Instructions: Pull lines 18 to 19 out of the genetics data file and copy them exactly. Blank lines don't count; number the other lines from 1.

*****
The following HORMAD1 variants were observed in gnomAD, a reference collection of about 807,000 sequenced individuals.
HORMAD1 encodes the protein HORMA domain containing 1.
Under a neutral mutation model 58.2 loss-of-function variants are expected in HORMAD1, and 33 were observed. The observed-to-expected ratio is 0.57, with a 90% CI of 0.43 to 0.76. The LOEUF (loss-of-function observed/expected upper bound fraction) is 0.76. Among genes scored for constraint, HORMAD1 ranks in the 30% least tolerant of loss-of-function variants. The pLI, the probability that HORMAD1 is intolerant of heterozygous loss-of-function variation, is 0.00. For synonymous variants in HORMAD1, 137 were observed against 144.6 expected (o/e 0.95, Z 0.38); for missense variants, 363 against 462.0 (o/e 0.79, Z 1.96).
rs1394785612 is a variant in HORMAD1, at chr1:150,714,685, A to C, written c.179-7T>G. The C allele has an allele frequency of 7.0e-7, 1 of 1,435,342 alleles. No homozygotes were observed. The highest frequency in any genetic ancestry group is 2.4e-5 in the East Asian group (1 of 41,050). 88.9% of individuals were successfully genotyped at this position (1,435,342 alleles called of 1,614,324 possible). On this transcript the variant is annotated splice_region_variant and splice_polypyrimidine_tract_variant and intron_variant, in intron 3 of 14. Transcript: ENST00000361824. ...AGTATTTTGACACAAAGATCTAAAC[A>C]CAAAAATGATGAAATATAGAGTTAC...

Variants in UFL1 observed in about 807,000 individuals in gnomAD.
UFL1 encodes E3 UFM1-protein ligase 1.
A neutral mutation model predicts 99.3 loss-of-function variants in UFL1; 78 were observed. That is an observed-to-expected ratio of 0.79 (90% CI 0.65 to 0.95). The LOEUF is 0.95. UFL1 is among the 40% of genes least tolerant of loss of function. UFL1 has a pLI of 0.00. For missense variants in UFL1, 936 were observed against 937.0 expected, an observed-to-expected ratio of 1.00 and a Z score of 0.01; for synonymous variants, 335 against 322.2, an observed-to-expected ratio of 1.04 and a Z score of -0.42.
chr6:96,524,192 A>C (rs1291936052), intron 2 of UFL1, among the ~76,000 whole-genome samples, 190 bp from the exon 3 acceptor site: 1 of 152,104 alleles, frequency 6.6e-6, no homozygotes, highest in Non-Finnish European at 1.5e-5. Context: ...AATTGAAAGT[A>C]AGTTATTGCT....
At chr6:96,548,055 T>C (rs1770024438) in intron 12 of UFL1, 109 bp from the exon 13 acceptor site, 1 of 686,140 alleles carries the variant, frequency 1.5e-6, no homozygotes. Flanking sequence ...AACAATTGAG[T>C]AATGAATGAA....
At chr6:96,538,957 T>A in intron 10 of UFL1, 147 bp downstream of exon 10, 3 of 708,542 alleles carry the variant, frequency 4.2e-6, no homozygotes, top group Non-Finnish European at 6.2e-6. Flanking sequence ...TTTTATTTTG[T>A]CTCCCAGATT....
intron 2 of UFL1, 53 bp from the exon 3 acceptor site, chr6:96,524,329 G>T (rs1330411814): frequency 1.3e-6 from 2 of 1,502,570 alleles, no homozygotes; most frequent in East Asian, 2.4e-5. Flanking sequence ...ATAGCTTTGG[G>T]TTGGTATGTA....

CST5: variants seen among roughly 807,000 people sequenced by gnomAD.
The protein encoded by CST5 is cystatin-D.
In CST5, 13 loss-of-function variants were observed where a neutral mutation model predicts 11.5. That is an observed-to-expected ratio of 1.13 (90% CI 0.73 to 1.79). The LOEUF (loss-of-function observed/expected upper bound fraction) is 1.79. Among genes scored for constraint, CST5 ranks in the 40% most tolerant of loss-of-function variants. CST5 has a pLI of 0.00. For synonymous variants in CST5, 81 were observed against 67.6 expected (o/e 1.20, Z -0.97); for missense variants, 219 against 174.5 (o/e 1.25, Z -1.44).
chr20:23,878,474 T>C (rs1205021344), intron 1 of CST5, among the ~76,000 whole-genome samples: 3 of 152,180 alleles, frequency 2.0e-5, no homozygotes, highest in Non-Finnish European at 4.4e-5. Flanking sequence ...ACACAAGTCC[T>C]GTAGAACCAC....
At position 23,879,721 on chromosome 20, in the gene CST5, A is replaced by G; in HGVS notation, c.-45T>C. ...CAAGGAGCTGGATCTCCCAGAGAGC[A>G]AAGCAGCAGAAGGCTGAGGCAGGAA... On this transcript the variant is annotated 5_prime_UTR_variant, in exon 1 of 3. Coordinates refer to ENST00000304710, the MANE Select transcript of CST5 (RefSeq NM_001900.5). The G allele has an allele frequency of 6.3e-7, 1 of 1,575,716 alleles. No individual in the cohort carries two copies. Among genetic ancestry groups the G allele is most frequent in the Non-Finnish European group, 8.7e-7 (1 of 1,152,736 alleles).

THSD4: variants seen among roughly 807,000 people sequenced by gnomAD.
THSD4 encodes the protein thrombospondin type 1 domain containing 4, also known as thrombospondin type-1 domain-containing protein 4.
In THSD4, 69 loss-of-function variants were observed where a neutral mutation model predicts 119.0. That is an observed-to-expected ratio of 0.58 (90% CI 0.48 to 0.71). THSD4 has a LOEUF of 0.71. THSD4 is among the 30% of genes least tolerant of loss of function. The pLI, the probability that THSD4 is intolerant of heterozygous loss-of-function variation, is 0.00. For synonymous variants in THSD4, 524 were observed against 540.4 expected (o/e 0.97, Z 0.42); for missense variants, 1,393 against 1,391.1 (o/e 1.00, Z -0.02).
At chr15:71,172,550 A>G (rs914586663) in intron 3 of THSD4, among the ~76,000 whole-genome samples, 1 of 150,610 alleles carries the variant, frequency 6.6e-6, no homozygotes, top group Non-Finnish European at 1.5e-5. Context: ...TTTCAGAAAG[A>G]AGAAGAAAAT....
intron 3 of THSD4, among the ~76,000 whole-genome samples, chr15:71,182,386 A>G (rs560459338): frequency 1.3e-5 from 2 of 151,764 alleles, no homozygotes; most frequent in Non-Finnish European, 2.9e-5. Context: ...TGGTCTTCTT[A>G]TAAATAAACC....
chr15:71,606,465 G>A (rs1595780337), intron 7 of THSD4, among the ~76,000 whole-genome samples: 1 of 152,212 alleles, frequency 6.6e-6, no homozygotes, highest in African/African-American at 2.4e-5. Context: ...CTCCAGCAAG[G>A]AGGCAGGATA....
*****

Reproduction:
THSD4 encodes the protein thrombospondin type 1 domain containing 4, also known as thrombospondin type-1 domain-containing protein 4.
In THSD4, 69 loss-of-function variants were observed where a neutral mutation model predicts 119.0. That is an observed-to-expected ratio of 0.58 (90% CI 0.48 to 0.71). THSD4 has a LOEUF of 0.71. THSD4 is among the 30% of genes least tolerant of loss of function. The pLI, the probability that THSD4 is intolerant of heterozygous loss-of-function variation, is 0.00. For synonymous variants in THSD4, 524 were observed against 540.4 expected (o/e 0.97, Z 0.42); for missense variants, 1,393 against 1,391.1 (o/e 1.00, Z -0.02).